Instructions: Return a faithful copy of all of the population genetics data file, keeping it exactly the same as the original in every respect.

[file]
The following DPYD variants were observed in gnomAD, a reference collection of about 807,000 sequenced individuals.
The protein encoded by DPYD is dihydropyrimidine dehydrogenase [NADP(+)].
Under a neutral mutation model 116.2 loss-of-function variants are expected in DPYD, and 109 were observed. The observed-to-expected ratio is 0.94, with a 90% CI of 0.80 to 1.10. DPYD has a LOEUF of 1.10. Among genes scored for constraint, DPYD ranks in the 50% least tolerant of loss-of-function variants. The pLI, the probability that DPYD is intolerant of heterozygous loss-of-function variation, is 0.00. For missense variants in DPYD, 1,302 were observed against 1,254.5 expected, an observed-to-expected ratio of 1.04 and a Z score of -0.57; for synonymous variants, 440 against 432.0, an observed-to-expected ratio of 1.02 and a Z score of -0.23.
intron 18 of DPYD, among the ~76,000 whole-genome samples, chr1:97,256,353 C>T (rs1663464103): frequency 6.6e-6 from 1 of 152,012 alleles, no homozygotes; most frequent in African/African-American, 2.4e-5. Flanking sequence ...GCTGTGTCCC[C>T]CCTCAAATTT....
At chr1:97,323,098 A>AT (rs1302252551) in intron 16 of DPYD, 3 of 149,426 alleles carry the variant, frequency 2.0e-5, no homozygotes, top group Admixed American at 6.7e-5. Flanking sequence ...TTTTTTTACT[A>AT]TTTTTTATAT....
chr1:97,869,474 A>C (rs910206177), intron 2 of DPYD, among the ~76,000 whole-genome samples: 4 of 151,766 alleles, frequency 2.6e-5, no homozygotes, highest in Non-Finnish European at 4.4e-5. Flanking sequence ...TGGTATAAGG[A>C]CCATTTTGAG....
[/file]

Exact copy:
The following DPYD variants were observed in gnomAD, a reference collection of about 807,000 sequenced individuals.
The protein encoded by DPYD is dihydropyrimidine dehydrogenase [NADP(+)].
Under a neutral mutation model 116.2 loss-of-function variants are expected in DPYD, and 109 were observed. The observed-to-expected ratio is 0.94, with a 90% CI of 0.80 to 1.10. DPYD has a LOEUF of 1.10. Among genes scored for constraint, DPYD ranks in the 50% least tolerant of loss-of-function variants. The pLI, the probability that DPYD is intolerant of heterozygous loss-of-function variation, is 0.00. For missense variants in DPYD, 1,302 were observed against 1,254.5 expected, an observed-to-expected ratio of 1.04 and a Z score of -0.57; for synonymous variants, 440 against 432.0, an observed-to-expected ratio of 1.02 and a Z score of -0.23.
intron 18 of DPYD, among the ~76,000 whole-genome samples, chr1:97,256,353 C>T (rs1663464103): frequency 6.6e-6 from 1 of 152,012 alleles, no homozygotes; most frequent in African/African-American, 2.4e-5. Flanking sequence ...GCTGTGTCCC[C>T]CCTCAAATTT....
At chr1:97,323,098 A>AT (rs1302252551) in intron 16 of DPYD, 3 of 149,426 alleles carry the variant, frequency 2.0e-5, no homozygotes, top group Admixed American at 6.7e-5. Flanking sequence ...TTTTTTTACT[A>AT]TTTTTTATAT....
chr1:97,869,474 A>C (rs910206177), intron 2 of DPYD, among the ~76,000 whole-genome samples: 4 of 151,766 alleles, frequency 2.6e-5, no homozygotes, highest in Non-Finnish European at 4.4e-5. Flanking sequence ...TGGTATAAGG[A>C]CCATTTTGAG....